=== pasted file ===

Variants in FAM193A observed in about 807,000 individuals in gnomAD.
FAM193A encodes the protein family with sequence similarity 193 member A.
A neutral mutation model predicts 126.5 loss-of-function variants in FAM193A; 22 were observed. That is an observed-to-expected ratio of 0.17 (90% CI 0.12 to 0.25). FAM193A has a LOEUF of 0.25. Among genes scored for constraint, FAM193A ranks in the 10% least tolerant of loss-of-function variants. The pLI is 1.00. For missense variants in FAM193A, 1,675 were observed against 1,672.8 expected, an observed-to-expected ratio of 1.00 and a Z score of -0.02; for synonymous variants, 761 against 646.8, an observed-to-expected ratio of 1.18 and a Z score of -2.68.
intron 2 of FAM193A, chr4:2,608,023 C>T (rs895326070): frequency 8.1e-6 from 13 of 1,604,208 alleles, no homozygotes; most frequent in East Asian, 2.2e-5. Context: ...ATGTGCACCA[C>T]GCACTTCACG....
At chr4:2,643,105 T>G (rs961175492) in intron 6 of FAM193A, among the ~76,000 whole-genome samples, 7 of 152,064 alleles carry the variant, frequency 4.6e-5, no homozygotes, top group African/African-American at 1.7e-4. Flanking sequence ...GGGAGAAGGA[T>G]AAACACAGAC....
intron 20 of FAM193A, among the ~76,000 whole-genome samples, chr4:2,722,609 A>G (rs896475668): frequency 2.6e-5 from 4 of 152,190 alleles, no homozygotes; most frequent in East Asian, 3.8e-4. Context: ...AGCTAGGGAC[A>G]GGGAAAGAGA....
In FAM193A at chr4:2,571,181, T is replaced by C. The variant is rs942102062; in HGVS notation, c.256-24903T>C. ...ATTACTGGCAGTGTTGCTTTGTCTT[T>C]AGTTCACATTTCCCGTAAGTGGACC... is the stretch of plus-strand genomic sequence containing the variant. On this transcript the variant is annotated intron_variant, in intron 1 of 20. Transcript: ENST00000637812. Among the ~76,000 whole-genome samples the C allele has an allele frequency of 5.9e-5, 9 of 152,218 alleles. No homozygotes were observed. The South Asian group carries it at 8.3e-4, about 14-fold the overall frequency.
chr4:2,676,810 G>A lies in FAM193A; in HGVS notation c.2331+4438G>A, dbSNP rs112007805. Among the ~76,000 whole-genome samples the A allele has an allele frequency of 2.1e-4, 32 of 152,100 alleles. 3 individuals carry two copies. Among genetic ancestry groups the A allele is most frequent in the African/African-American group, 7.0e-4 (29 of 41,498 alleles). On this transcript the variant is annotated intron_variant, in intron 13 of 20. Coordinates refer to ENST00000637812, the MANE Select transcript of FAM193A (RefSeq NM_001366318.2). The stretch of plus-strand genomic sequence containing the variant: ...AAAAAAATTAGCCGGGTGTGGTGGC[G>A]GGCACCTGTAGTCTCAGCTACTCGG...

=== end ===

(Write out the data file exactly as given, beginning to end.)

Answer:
Variants in FAM193A observed in about 807,000 individuals in gnomAD.
FAM193A encodes the protein family with sequence similarity 193 member A.
A neutral mutation model predicts 126.5 loss-of-function variants in FAM193A; 22 were observed. That is an observed-to-expected ratio of 0.17 (90% CI 0.12 to 0.25). FAM193A has a LOEUF of 0.25. Among genes scored for constraint, FAM193A ranks in the 10% least tolerant of loss-of-function variants. The pLI is 1.00. For missense variants in FAM193A, 1,675 were observed against 1,672.8 expected, an observed-to-expected ratio of 1.00 and a Z score of -0.02; for synonymous variants, 761 against 646.8, an observed-to-expected ratio of 1.18 and a Z score of -2.68.
intron 2 of FAM193A, chr4:2,608,023 C>T (rs895326070): frequency 8.1e-6 from 13 of 1,604,208 alleles, no homozygotes; most frequent in East Asian, 2.2e-5. Context: ...ATGTGCACCA[C>T]GCACTTCACG....
At chr4:2,643,105 T>G (rs961175492) in intron 6 of FAM193A, among the ~76,000 whole-genome samples, 7 of 152,064 alleles carry the variant, frequency 4.6e-5, no homozygotes, top group African/African-American at 1.7e-4. Flanking sequence ...GGGAGAAGGA[T>G]AAACACAGAC....
intron 20 of FAM193A, among the ~76,000 whole-genome samples, chr4:2,722,609 A>G (rs896475668): frequency 2.6e-5 from 4 of 152,190 alleles, no homozygotes; most frequent in East Asian, 3.8e-4. Context: ...AGCTAGGGAC[A>G]GGGAAAGAGA....
In FAM193A at chr4:2,571,181, T is replaced by C. The variant is rs942102062; in HGVS notation, c.256-24903T>C. ...ATTACTGGCAGTGTTGCTTTGTCTT[T>C]AGTTCACATTTCCCGTAAGTGGACC... is the stretch of plus-strand genomic sequence containing the variant. On this transcript the variant is annotated intron_variant, in intron 1 of 20. Transcript: ENST00000637812. Among the ~76,000 whole-genome samples the C allele has an allele frequency of 5.9e-5, 9 of 152,218 alleles. No homozygotes were observed. The South Asian group carries it at 8.3e-4, about 14-fold the overall frequency.
chr4:2,676,810 G>A lies in FAM193A; in HGVS notation c.2331+4438G>A, dbSNP rs112007805. Among the ~76,000 whole-genome samples the A allele has an allele frequency of 2.1e-4, 32 of 152,100 alleles. 3 individuals carry two copies. Among genetic ancestry groups the A allele is most frequent in the African/African-American group, 7.0e-4 (29 of 41,498 alleles). On this transcript the variant is annotated intron_variant, in intron 13 of 20. Coordinates refer to ENST00000637812, the MANE Select transcript of FAM193A (RefSeq NM_001366318.2). The stretch of plus-strand genomic sequence containing the variant: ...AAAAAAATTAGCCGGGTGTGGTGGC[G>A]GGCACCTGTAGTCTCAGCTACTCGG...